There was a sweltering heat before the rain. On the shaded pavement, which was partly cooled off by dark clouds, two workers were sitting side by side, waiting for the sewage truck to be sent by the municipality. The owner of the coffee house across the street, who called the municipality at the crack of dawn due to the toilet overflowing, was occasionally coming outside, glaring at the workers, and then going back inside grumbling as if those two were responsible for the mess or the delayed sewage truck. The manhole cover, which they had removed with difficulty in this hot weather, was lying down, curled like a dark dead dog near the pavement. Rıdvan, looking for the lighter that he knew he did not have in his pockets to light his cigarette, said, “Should we put it back on? It delays traffic. See, it smells like shit, the shopkeepers might as well get annoyed.” Ahmet, extending the lighter that he found in his pocket, said, “Who cares? Remove it, put it back on, we already worked our asses off in this hot weather, the truck will come soon.”
Rıdvan, compared to Ahmet’s hefty body, looked slender and stubby like a cornelian cherry growing in the shade of a plane tree. As if noticing this and wanting to make his body a little bit bigger, he stretched his legs out onto the road. He muttered as the vendor passed in front of them with languid steps, pushing his cart loaded with cherries. “These damn things didn’t get any cheaper this year.” “Out of season, brother, it won’t get cheaper,” said the vendor. He continued down the road without stopping. Rıdvan, looking after the cherries, took a huge puff of his cigarette. “Not that I’m going to buy any,” he said, “Gülbeyaz wanted some last night. She was craving them. She’s expecting again. These whims, you know. Is it possible to have such cravings after all these children?” Ahmet, as if not listening, had his head turned, looking the other way. He lit a cigarette too. After glancing at the empty tables in front of the coffee house and the birds that had gathered on the branches of the chestnut tree, he looked up to the sky and watched the clouds passing by for a while. “It’ll rain soon,” he said. “Let’s hope the truck comes in time.”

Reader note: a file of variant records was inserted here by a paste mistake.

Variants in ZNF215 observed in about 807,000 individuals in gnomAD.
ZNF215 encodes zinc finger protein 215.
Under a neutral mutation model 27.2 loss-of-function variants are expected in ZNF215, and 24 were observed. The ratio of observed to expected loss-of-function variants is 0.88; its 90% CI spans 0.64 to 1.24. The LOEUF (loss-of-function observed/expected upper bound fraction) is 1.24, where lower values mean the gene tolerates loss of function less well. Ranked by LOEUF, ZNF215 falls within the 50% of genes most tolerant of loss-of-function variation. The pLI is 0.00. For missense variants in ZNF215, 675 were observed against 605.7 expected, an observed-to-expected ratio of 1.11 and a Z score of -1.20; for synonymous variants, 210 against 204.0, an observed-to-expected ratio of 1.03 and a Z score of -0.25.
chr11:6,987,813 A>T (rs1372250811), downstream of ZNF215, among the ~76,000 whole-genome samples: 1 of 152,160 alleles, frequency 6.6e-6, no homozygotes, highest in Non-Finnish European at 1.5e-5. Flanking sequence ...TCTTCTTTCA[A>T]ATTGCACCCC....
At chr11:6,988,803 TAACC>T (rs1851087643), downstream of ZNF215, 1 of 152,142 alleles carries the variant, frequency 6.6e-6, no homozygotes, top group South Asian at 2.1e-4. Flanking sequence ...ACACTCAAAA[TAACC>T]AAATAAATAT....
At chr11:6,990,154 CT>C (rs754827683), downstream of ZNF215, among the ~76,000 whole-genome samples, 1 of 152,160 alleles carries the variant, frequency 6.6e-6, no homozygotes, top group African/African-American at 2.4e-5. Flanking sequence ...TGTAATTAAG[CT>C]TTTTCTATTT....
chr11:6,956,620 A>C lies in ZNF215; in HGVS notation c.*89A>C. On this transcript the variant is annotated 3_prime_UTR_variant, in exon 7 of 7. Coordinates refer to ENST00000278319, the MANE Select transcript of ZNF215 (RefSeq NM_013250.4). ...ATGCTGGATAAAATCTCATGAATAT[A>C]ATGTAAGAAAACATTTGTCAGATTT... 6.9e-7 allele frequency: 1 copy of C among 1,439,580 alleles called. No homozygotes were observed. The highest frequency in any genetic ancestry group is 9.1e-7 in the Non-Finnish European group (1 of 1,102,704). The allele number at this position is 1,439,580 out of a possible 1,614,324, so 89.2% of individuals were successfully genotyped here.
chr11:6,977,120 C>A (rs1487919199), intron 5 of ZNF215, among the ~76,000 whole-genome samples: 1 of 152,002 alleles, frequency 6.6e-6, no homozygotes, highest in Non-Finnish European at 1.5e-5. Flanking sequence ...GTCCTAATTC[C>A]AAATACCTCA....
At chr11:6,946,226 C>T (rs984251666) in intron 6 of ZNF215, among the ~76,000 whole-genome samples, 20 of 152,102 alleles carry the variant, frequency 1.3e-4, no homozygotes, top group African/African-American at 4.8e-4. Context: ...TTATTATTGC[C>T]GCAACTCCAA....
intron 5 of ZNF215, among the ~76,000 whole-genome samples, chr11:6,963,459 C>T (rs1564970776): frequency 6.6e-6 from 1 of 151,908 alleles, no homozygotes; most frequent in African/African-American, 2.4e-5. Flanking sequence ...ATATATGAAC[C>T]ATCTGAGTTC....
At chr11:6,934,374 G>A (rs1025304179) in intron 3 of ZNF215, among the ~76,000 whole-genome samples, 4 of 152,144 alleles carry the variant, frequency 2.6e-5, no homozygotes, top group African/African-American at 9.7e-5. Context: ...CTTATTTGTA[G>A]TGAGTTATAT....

Rıdvan, flicking his cigarette to the ground and crushing it thoroughly, nodded towards the iron cover. “Do you know why they always make manhole covers circular?” he asked out of nowhere. His voice was irritatingly confident as if he was about to give away a secret – a secret that could not possibly be guessed by the listener. “How this bloke talks so much!” thought Ahmet. “Why the fuck would I care about the shape of the cover? As if I give a shit. Would it change what I do whether the cover is circular, rectangular, or elliptical? The shit underneath it is always the same shit.” Rıdvan, pretending to wait for his reply, could not hold it in any longer. “Honestly, it hadn’t occurred to me throughout all these years. My son told me the other day, he read it somewhere or something. It would fall through if it were any other shape, that’s why they make it circular.” A fast car passed by, lifting the dust from the asphalt up towards their faces. Ahmet, after swearing behind the car and spitting a few times to remove the dust from his mouth, said, “Get out of here. So what, this thing doesn’t fall through only if it’s circular?” Rıdvan stood up in one leap, saying “Oh, yes, I didn’t understand it either, but it’s really like that.” He pointed at the owner of the coffee house, who had come outside again looking around and cursing at the municipality, and said, “Look at that bloke. He called us himself. We’ve been working since morning. He stands there without even offering us a cup of tea.” He poked Ahmet’s shoulder with one hand. “C’mon, we can buy it ourselves. Instead of crawling on the ground like this, let’s go and sit at one of the tables.”